- Resolve the long-term futures of Brees and Bush. *The current contracts for both quarterback Drew Brees and running back Reggie Bush expire at the end of the 2012 season. These are two very different situations, however. It's hard to imagine any scenario in which the Saints would *not want to keep the incredibly prolific Brees around well beyond '12, particularly given that he is also a solid citizen and a fan favorite. Still, working out a new contract for an MVP-level quarterback is never simple. With Bush, the Saints have a more complicated situation, as the second overall pick of the 2006 draft has not necessarily reached the superstar level that was expected of him. Bush definitely adds a dynamic dimension to the Saints' offense, and Payton recently said the team wants him around in 2012, but there is speculation that his very high base salary in 2011 will lead to an effort to renegotiate. Bush's significant injury history must also be considered.
The Bucs and Saints have split their last two season series, but New Orleans has prevailed in both of its trips to Raymond James Stadium. If the Bucs are to re-establish home field advantage against their division foes in 2011, they will likely have to limit the damage caused these five players:
QB Drew Brees. The opposing quarterbacks is often too obvious a pick for this list, but when it comes to beating the Saints there is little doubt that slowing down Brees is the top priority. Last year, Brees completed 65.6% of his passes, threw for 263 yards and three touchdowns and averaged 8.22 yards per toss when New Orleans beat the Buccaneers in Tampa, 38-7. In the rematch in the Superdome, the Buccaneers held Brees to a 57.9% completion rate, 196 yards passing, one touchdown and 5.16 yards per attempt. Brees has been with the Saints for five years and it's hard to say which of those seasons has been his best. He has averaged 4,584 passing yards and 31 touchdown passes over that span, never falling below 4,000 yards in any season. Brees is considered undersized for the position at 6-0 and 209 pounds, but neither sight lines nor arm strength have ever been a problem for him. In fact, his greatest strengths include his field vision, and his incredibly quick decision-making and release allow him to exploit all areas of the field. The Saints' collection of talented skill-position players often frustrate fantasy football owners, as it seems impossible to predict which one will be the big scorer on any given Sunday, and that's a testament to how well Brees goes through his reads and avoids forcing the football.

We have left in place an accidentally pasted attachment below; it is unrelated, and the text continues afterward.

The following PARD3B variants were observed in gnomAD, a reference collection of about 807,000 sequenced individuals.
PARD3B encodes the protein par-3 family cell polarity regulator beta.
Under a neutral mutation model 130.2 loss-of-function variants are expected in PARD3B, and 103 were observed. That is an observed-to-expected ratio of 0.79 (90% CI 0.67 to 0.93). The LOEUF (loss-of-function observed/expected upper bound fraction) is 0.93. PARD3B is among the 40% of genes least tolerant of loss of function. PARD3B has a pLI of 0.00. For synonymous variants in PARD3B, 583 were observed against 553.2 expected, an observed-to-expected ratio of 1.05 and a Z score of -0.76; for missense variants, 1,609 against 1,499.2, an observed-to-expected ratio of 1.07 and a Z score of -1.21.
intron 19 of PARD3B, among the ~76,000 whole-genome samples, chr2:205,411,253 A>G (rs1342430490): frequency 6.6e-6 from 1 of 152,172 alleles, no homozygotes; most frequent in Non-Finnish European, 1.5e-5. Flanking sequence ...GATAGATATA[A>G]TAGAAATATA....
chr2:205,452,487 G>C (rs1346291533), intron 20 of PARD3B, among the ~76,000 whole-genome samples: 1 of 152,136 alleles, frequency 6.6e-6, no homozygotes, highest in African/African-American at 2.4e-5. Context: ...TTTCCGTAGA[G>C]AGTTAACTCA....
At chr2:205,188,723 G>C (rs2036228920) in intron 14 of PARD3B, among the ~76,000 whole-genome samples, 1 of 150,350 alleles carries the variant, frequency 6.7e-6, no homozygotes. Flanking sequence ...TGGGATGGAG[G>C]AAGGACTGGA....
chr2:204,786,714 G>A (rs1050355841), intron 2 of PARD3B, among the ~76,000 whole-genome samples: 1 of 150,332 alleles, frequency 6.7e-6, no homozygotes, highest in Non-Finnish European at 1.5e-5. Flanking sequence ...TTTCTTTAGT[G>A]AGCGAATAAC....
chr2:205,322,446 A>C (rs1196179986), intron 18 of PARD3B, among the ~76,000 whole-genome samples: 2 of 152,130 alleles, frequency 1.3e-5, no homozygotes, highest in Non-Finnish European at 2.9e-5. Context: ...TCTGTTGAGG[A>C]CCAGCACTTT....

DE Will Smith. Smith was the 18th overall pick in the 2004 draft, and while his sack totals have tended to go up and down (e.g. 3.0 in 2008, 13.0 in 2009, 5.5 in 2010) he is unquestionably an elite pass rusher off the edge. That's a coveted commodity in any NFL outpost, and even at 31 years of age as of this year's opening day, he is still at the top of his game. Over the years, Smith has developed into a very good all-around player, using his strength to hold his ground and stand up against the run. That strength also allows Smith to overpower some opposing offensive linemen, though he's just as likely to shoot around the edge to get into the backfield. The Bucs allowed Smith to drop Josh Freeman for a sack just once in two meetings last year, but in 14 career games against Tampa Bay the former Ohio State star has eight sacks and three forced fumbles. This matchup represents strength on strength, as Pro Bowl left tackle Donald Penn will be working to keep Smith out of the Bucs' backfield.